Taap.it Reaches $2.4 Million in Transactions

Taap.it, the geo-aware classified mobile app that launched at TechCruch Disrupt in late May, has experienced impressive growth in the last two months.

They’ve seen $2.4 million in transactions cleared through their online marketplace

With the Taap.it iPhone (and Android) app, sellers post a picture of the item they wish to sell along with embedded geo-data. Buyers search using distance and keyword parameters.

The focus here is, of course, on local business, and the assumption is that delivery and payment can be handled without any messy third-parties—perhaps the whole transaction can be settled at the local coffee bar.Continue reading

Sunday Afternoon at a NJ Hackathon

There were all the signs of a long weekend of coding at the Converge Coworking space on the Kean University campus (Union, NJ). Stacks of empty pizza boxes, coffee cups, wireframe sketches scattered on desks, and developers staring at screen emulators on their MacBooks.

New Jersey Mobile Meetup was concluding its first hackathon, and I had arrived just as the iPhone and Android warriors were chowing down on one last hot meal before the final presentations.

The winners of this contest would gain serious boasting rights, and some Twilio and Odesk credits to be used on future projects.Continue reading

Samsung Tab: Good Reviews (with disclosures)

While you were asleep this morning, Samsung officially launched Tab, its 7″ Android 2.2 tablet at the IFA show in Berlin.  There’s lots of coverage from the likes of Endgadget, PC World, TechCrunch, Huffington Post, etc.  Some are calling it a larger version of the Samsung Galaxy S, which to my mind is a compliment.

Last month, Dr. Smartphone and I went to Samsung’s retail store in New York City to visit with the Galaxy smartphone.  We both came away feeling this was the device to give Apple’s iPhone a smartphone inferiority complex. We were completely blown to pieces by its fluid video playback of Avatar.  It also seems to me that the Tab will  be breathing down iPad’s virtual neck over the next few years—1024×600, 1GHz Cortex A8,  HD replay, and many of the same Hub apps as the Galaxy.  Supporting both  2.5G GSM and 3G HSPA, Tab will be released in Europe first, and then ultimately the United States.

The reviews were very positive, and I think the excitement is entirely warranted.  What struck me was that many of  the reviews disclosed the writer’s travel expenses had been paid for by the show’s organizers or Samsung themselves. This is clearly a consequence of the  FTC’s new guidelines on “material connections.”Continue reading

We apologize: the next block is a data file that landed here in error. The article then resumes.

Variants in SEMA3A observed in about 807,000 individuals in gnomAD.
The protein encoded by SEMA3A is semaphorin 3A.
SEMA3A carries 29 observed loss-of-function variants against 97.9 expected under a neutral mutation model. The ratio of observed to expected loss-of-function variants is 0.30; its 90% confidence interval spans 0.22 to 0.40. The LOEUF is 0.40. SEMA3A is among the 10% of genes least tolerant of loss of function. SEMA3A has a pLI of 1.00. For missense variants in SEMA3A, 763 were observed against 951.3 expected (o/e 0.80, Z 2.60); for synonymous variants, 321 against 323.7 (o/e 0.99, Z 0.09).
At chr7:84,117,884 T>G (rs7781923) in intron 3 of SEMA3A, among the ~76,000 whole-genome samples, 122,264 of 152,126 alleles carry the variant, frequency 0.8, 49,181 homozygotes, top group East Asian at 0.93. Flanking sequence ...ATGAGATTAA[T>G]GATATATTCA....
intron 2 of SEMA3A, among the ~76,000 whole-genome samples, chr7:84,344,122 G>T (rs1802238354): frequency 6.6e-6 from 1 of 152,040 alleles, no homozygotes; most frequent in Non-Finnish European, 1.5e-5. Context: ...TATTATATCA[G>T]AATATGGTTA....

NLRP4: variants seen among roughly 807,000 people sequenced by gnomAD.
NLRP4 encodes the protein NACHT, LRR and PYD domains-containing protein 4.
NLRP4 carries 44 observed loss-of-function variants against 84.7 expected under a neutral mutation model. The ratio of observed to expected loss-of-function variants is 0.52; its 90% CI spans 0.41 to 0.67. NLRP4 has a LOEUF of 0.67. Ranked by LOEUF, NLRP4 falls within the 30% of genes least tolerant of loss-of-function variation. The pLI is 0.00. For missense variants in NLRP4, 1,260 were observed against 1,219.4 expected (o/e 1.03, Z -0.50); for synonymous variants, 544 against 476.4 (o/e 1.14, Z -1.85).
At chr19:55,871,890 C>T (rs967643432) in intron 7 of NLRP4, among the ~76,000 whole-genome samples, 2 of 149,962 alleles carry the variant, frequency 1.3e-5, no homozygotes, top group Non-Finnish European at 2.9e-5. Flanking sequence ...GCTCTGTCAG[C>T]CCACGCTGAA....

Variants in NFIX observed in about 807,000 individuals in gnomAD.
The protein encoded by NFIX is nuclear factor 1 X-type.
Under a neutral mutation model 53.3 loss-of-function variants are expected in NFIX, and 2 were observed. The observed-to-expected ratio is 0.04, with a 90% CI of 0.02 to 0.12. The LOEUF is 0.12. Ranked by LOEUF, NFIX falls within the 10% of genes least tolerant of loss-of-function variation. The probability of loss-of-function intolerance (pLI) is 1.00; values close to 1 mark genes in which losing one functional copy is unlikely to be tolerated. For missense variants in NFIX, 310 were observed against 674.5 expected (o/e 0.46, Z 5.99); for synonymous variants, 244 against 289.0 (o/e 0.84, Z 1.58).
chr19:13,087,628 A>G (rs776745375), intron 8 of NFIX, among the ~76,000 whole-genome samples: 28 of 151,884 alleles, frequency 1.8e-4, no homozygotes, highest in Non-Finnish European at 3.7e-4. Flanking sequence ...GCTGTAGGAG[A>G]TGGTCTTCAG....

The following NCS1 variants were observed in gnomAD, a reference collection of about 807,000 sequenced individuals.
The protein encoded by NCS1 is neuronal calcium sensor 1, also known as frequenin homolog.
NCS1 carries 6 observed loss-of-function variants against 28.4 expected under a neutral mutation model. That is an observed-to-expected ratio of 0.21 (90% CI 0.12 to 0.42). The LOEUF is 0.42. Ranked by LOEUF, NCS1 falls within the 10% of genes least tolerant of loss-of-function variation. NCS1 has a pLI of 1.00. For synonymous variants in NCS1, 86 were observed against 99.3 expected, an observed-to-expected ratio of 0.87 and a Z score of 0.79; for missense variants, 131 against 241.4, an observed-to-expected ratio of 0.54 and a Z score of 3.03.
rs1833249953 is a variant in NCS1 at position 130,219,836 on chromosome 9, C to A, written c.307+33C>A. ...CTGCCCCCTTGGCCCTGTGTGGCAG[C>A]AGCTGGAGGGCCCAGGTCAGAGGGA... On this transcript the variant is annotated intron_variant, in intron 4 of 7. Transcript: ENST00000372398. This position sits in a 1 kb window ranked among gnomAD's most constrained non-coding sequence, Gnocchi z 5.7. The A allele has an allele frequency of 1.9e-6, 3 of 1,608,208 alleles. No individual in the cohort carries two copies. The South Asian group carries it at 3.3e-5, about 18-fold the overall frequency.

The AT&T-Verse

Waves of bad news coming out of AT&T recently stand as a reminder of what life would be like if the crown was restored to this former monarch.

First there was the iPad security escapade wherein a group of hackers fooled a very insecure AT&T web form to display email addresses of iPad owners. Then the pre-order web meltdown in which customers for Apple’s iPhone 4  were faced with an AT&T back-end order entry system that stopped working. Then there’s the customer who received a terse cease-and-desist voicemail response after he emailed AT&T’s CEO Randall Stephenson to complain about the new caps on data—Zappos’s Tony Hsieh is probably smiling and FedExing a copy of his latest book, Delivering Happiness, to Randall.

Add to this brew the usual problems with AT&T’s 3G coverage (see TechCrunch’s  wireless frustrations) and barely acceptable customer service, and you’ll get a pretty good sense of how telecom was delivered in the Middle Ages (circa 1970s) when AT&T and the Bells were the only games in town.

And to rub salt into our wounds, AT&T is threatening to cut off investment in its U-verse/IPTV cable rollout if the FCC doesn’t reconsider its reclassification of cable broadband as Title II telecommunications.Continue reading

AT&T’s New Pricing Plan

Perspectives from David Pogue (New York Times) and Stacy Higginbotham (Gigaom) are a good starting point to understanding what data caps, pricing tiers, and tethering charges imply about the state of wireless competition (less than thriving) and profit expectations of a big carrier (“greedy”).  The money quote from Pogue after the jump:

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Last Night’s NYC Tech Meetup

I was lucky to get one of the few seats that suddenly became available for what I had thought was a sold-out  New York City Tech Meetup. I assume Spring fever infected a few early RSVPers. Anyway, I grabbed the opportunity, and took the train into Manhattan.

It was worth it. These events—it is my second— are a little bit of a grab bag. In my mind, the theme last night could be described as  quirky.  My impressions were  heavily colored by RandomDorm, the college video chat service, and stickybits, the bar-code-the-world company.  I think both will find their markets, but I just have to process them a little more before I can say anything else.

There’s one that stood out and was familiar as the sound of a batter swatting a ball. The start-up is  GameChanger, and they have a free iPhone app (Android and Blackberry planned ) that lets the zillions of school coaches score their team statistics in real-time.

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